23 November 2011


The City of New York finally evicted the “Occupy Wall Street” protestors from their encampment, never mind that most of the institutions they were protesting are no longer located on Wall Street but in midtown or elsewhere. While they expressed little in the way of a coherent platform, one recurring theme is that banks and corporations have too much power. This will come as a surprise to virtually every CEO in the country since they do not see themselves as all that powerful, but instead feel they are constantly under siege by shareholders, competitors, consumers, and the government. Their decision-making space is constrained by all these factors.

Then there is the 1% that presumably controls everything. But the people in the 1% are no different from the 99%, and in fact are in a place where most of the latter would like to be. Nor are the 1% a fixed elite with anything in common, and have themselves mostly emerged from the 99%. The make-up of the 1% is very fluid. I used to be part of the 1% but now I’m not. Those who currently compose it have worked at climbing the ladder of success, but on the other hand this doesn’t mean they are a pure meritocracy, since luck, focused ambition, and networking ability have at least as much to do with it as talent. Furthermore, rather than being any kind of reactionary force, most would like to think of themselves as “progressive.” Thus a majority of the 1% voted for Obama, who raised the most money in history from Wall Street and even now he has raised more money from bankers than all the Republican Presidential candidates combined. On this basis alone they deserve to get shaken up a bit and continuing Republican resistance to any increase in taxes on them makes no sense.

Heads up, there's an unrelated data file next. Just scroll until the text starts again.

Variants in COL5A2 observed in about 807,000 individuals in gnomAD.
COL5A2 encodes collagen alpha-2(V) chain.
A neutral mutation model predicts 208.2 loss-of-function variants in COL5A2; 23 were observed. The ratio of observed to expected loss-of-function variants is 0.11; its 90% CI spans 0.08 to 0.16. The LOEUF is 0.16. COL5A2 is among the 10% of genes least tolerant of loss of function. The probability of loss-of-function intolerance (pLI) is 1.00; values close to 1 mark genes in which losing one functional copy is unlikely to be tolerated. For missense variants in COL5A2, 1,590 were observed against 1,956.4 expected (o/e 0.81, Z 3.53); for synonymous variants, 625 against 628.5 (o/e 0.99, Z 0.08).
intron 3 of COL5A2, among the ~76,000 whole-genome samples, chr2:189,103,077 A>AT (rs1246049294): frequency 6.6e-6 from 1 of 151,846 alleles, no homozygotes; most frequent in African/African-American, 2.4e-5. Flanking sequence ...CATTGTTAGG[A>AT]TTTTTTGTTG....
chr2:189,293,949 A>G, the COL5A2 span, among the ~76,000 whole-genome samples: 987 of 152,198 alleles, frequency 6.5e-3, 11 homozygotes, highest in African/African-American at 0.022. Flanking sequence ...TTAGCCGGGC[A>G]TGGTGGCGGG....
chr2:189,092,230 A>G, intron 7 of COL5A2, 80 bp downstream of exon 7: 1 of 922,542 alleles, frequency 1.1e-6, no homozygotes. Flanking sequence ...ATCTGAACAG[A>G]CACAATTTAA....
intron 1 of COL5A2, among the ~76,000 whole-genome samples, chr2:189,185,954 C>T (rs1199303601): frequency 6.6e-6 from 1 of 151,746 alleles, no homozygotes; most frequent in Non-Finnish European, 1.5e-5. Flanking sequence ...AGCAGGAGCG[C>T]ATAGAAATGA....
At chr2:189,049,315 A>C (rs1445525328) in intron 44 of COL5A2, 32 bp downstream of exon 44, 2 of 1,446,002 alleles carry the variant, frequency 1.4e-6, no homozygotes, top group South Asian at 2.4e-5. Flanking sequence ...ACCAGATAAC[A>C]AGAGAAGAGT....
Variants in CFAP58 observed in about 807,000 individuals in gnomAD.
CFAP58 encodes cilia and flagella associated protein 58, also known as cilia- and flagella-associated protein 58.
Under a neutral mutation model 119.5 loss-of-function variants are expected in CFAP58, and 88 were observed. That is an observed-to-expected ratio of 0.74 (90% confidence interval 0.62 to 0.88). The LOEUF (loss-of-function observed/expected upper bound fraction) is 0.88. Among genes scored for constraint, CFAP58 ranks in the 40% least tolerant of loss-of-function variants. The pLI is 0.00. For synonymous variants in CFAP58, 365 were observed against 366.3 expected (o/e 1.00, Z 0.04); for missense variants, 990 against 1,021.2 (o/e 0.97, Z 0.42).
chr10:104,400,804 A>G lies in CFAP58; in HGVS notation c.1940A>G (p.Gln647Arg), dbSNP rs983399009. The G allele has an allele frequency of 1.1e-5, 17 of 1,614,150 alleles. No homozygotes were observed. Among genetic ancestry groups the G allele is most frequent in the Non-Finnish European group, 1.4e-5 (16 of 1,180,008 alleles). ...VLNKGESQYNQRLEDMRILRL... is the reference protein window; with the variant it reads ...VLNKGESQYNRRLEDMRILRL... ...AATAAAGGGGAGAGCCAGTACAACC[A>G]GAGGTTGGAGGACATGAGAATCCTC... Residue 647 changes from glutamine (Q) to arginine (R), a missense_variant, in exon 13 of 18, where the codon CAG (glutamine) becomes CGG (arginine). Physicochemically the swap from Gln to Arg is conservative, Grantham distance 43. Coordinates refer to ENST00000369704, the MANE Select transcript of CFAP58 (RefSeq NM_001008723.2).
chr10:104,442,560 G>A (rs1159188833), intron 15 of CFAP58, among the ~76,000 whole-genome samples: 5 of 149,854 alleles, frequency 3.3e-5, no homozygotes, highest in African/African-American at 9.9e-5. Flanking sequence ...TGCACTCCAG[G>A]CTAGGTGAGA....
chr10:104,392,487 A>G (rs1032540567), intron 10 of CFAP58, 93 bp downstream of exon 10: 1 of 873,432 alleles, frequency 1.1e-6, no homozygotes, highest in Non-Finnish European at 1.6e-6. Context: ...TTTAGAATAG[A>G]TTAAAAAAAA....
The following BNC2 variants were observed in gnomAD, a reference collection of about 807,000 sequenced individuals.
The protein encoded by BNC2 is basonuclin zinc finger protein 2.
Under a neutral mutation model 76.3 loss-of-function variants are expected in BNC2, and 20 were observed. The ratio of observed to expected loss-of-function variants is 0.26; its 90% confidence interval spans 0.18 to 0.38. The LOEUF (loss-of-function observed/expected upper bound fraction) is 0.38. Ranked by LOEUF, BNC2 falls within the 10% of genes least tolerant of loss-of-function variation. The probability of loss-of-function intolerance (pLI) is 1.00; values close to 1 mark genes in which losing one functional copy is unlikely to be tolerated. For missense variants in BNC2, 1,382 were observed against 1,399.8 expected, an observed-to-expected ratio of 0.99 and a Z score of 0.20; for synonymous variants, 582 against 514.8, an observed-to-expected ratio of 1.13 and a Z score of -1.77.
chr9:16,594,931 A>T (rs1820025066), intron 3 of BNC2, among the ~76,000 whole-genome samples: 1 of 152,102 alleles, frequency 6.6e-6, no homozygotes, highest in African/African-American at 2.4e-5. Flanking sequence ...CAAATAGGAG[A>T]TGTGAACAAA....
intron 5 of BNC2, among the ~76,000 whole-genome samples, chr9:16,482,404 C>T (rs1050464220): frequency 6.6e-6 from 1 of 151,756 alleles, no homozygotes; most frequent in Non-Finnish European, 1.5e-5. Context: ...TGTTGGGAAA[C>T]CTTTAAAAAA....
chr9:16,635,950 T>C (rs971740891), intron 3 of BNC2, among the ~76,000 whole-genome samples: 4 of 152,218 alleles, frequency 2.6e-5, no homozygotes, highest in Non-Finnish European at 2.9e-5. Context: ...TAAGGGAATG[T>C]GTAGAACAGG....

Another alleged evil is “greed.” Many people do in fact have good reasons to be angry at “Wall Street,” but greed is not one of them. It is more a case of people being told over the years to make “secure” investments like GM and Citicorp only to see them fizzle- in other words poor performance handling 401(k)s that have gone nowhere for years. But this is more a matter of incompetence than chicanery. The truth is that a lot of the people in charge of things at this time are not very good at what they do. We live in an age of mediocrity not meritocracy. This is true of celebrities as well as CEOs. Is much of this “talent” overcompensated vis a vis everyone else? No doubt, but this does not justify class warfare. Taking something from one person does not make another richer. 
Nostalgic 60s leftists in the media have been sympathetic to the protests, for which the term “occupation” has been attached. But to refer to this phenomenon as “the occupation” is a very sick parody of the real thing, which occurred during World War II. My parents were stuck in Greece for the duration of the war owing to the Nazi occupation and saw a third of the population of Athens starve to death. That’s was the real occupation, not this gathering of clueless miscreants. 
I can’t get too excited in opposition to these demonstrations. From a policy standpoint they are vacuous, and participants clearly have no understanding of economics. They reject hierarchy and order, and favor a vague mix of anarchy and socialism. But they do not represent a serious challenge to authority and their actions are relatively mild. After all anarchists in the past assassinated President William McKinley and in the 1920s set off a bomb on Wall Street. Today we see nothing of that magnitude. 
Although these protestors have little in common with the Tea Party, one thing that stands out across the board is a general disillusionment with elites. This attitude is well founded, given the extent to which the people in charge have mismanaged things. It is increasingly difficult to believe that this is the best we can do, but any changes requires improved mass perception of quality.  In truth we can and must do better, and for elites to justify themselves they must rise above the pervasive mediocrity of our age.

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